Posted by The Ethiopia Observatory (TEO)
By Eidmon Tesfaye
While humanity shares one planet, it is a planet of two worlds – the world of the rich and that of the poor. Ethiopia is among the bottom of the underdeveloped group and poverty in the country is widespread and deep-rooted.
In this era of globalisation, investors from every corner of the world invest their money in multiple countries. The primary motive of investors is making profit. If the host country is suitable for this motive, then, foreign investors put their money in host countries. As they do in other developing countries some foreign investors invest their money in various economic sectors in our country.
Developing countries are too poor to save sufficiently for investment. They are characterised by subsistent agricultural economy, wherein production is directly used for consumption and nothing is left for saving and investment. Thus, they need finance in the form of Foreign Direct Investment (FDI), aid and concessional loans, in order to achieve the required growth.
As far as I see it, the strategy of every developing country’s government is reducing poverty and improving the living standard of the society. To achieve this, economic growth is taken as the main objective, though it is not the only solution to overcome persistent poverty. To realise growth, governments use a mix of policies and make interventions in the market. Governments of poor countries have the problem of shortage of capital to finance projects that are intended to bring about development.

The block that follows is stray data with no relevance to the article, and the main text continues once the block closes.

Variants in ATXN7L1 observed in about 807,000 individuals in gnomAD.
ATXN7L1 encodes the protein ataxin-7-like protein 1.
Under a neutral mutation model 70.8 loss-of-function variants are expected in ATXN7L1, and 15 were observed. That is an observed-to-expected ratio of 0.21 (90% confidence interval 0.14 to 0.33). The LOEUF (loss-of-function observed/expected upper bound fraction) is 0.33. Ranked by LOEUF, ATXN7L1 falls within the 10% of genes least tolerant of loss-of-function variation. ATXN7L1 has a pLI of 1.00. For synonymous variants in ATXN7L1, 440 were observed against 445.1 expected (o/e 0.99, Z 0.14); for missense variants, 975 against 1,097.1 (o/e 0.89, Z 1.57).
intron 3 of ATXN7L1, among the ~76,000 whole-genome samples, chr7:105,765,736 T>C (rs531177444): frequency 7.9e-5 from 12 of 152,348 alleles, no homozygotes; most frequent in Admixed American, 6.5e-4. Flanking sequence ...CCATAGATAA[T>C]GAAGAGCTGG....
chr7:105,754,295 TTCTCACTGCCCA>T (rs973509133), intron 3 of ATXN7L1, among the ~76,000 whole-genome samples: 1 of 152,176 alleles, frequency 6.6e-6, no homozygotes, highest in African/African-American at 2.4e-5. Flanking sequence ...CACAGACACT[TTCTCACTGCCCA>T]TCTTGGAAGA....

In Ethiopia, for instance, the potential sources of tax revenue are minimal due to lower participation of the private sector in the economy. The tax collection system is also ineffective which results in lower government revenue and, hence, government’s underinvestment in institutional infrastructure development. To this end, the importance of foreign sources of finances is indispensable.
The ruling party, the EPRDF, proclaim that its policy is the cause for the increment of FDI in our country. For the reason of our meager economy, if we consider capital in the form of FDI only, rather than institutionalised capital, the outcome will be destructive.
Due to the absence of strong institutional infrastructure, foreigners and top officials are seen involved in the economy unlawfully. Therefore, regarding FDI, the big question for me is how we ought institutionalise it.
FDI has a positive overall effect on economic growth, although the magnitude of this effect depends on the stock of human capital available in the host economy. In contrast, the nature of the interaction of FDI with human capital is such that for countries with very low levels of human capital, the direct effect of FDI is negative.
Different types of economic distortions, however, may jeopardise the role of FDI as a means for advanced technology transfer. For example, because of protectionist trade policies, FDI may be the only way to gain access to domestic markets by ﬁrms that would otherwise have been exporters to the host country.
Similarly, governments may offer a set of incentives to foreign investors to stimulate the inﬂow of FDI, with the objective of increasing foreign currency reserves or of developing certain sectors considered strategic from an industrial policy point of view. These policies may result in a ﬂow of FDI that does not respond to higher efficiency but only on proﬁt from the opportunities created by distorted incentives.
I deem domestic ﬁrms to have better knowledge of and access to domestic markets. If a foreign ﬁrm decides to enter the market, it must compensate for the advantages enjoyed by domestic ﬁrms. Most likely a foreign ﬁrm that decides to invest in another country enjoys lower costs and higher productive efficiency than its domestic competitors. In the case of developing countries, in particular, it is likely that the higher efficiency of FDI results from the efficiency of their institutions. To, The higher efficiency of FDI would result from a combination of advanced management skills and more modern technology.